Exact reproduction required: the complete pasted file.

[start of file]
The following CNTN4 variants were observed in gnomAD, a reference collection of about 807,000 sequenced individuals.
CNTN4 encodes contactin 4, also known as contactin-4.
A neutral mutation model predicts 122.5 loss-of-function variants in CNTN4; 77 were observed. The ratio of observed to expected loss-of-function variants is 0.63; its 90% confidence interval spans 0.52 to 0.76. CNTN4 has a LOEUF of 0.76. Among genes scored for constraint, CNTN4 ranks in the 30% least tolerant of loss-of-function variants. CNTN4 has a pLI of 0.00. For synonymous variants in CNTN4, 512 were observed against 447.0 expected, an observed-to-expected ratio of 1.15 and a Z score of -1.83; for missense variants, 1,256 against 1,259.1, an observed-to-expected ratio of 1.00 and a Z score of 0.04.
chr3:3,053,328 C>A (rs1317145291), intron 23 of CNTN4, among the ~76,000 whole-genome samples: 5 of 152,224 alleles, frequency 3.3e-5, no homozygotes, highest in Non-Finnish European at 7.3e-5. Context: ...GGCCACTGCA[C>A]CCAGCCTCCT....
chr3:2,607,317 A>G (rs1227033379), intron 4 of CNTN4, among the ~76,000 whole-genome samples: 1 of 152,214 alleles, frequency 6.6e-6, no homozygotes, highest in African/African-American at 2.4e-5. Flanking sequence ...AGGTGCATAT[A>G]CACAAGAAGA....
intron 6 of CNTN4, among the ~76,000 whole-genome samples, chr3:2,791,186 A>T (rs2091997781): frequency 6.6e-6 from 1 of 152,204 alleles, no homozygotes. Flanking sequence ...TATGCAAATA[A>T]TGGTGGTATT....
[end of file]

The following CNTN4 variants were observed in gnomAD, a reference collection of about 807,000 sequenced individuals.
CNTN4 encodes contactin 4, also known as contactin-4.
A neutral mutation model predicts 122.5 loss-of-function variants in CNTN4; 77 were observed. The ratio of observed to expected loss-of-function variants is 0.63; its 90% confidence interval spans 0.52 to 0.76. CNTN4 has a LOEUF of 0.76. Among genes scored for constraint, CNTN4 ranks in the 30% least tolerant of loss-of-function variants. CNTN4 has a pLI of 0.00. For synonymous variants in CNTN4, 512 were observed against 447.0 expected, an observed-to-expected ratio of 1.15 and a Z score of -1.83; for missense variants, 1,256 against 1,259.1, an observed-to-expected ratio of 1.00 and a Z score of 0.04.
chr3:3,053,328 C>A (rs1317145291), intron 23 of CNTN4, among the ~76,000 whole-genome samples: 5 of 152,224 alleles, frequency 3.3e-5, no homozygotes, highest in Non-Finnish European at 7.3e-5. Context: ...GGCCACTGCA[C>A]CCAGCCTCCT....
chr3:2,607,317 A>G (rs1227033379), intron 4 of CNTN4, among the ~76,000 whole-genome samples: 1 of 152,214 alleles, frequency 6.6e-6, no homozygotes, highest in African/African-American at 2.4e-5. Flanking sequence ...AGGTGCATAT[A>G]CACAAGAAGA....
intron 6 of CNTN4, among the ~76,000 whole-genome samples, chr3:2,791,186 A>T (rs2091997781): frequency 6.6e-6 from 1 of 152,204 alleles, no homozygotes. Flanking sequence ...TATGCAAATA[A>T]TGGTGGTATT....